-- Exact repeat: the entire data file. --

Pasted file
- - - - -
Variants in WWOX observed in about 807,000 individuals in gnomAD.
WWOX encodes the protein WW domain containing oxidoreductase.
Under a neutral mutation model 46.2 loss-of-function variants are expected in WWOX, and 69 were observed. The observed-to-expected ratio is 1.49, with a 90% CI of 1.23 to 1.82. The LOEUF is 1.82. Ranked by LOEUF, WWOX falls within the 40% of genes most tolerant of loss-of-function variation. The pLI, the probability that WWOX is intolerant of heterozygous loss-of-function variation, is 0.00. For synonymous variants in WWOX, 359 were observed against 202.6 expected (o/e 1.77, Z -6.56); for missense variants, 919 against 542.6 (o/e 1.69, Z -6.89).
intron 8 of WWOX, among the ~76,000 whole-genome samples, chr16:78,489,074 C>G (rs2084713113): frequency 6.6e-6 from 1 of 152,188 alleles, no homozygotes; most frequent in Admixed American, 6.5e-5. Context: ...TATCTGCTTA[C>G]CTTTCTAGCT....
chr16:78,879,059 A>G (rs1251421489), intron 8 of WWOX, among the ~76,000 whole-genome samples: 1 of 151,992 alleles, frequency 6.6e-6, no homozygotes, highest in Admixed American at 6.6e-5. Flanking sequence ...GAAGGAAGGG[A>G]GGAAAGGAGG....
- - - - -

Variants in WWOX observed in about 807,000 individuals in gnomAD.
WWOX encodes the protein WW domain containing oxidoreductase.
Under a neutral mutation model 46.2 loss-of-function variants are expected in WWOX, and 69 were observed. The observed-to-expected ratio is 1.49, with a 90% CI of 1.23 to 1.82. The LOEUF is 1.82. Ranked by LOEUF, WWOX falls within the 40% of genes most tolerant of loss-of-function variation. The pLI, the probability that WWOX is intolerant of heterozygous loss-of-function variation, is 0.00. For synonymous variants in WWOX, 359 were observed against 202.6 expected (o/e 1.77, Z -6.56); for missense variants, 919 against 542.6 (o/e 1.69, Z -6.89).
intron 8 of WWOX, among the ~76,000 whole-genome samples, chr16:78,489,074 C>G (rs2084713113): frequency 6.6e-6 from 1 of 152,188 alleles, no homozygotes; most frequent in Admixed American, 6.5e-5. Context: ...TATCTGCTTA[C>G]CTTTCTAGCT....
chr16:78,879,059 A>G (rs1251421489), intron 8 of WWOX, among the ~76,000 whole-genome samples: 1 of 151,992 alleles, frequency 6.6e-6, no homozygotes, highest in Admixed American at 6.6e-5. Flanking sequence ...GAAGGAAGGG[A>G]GGAAAGGAGG....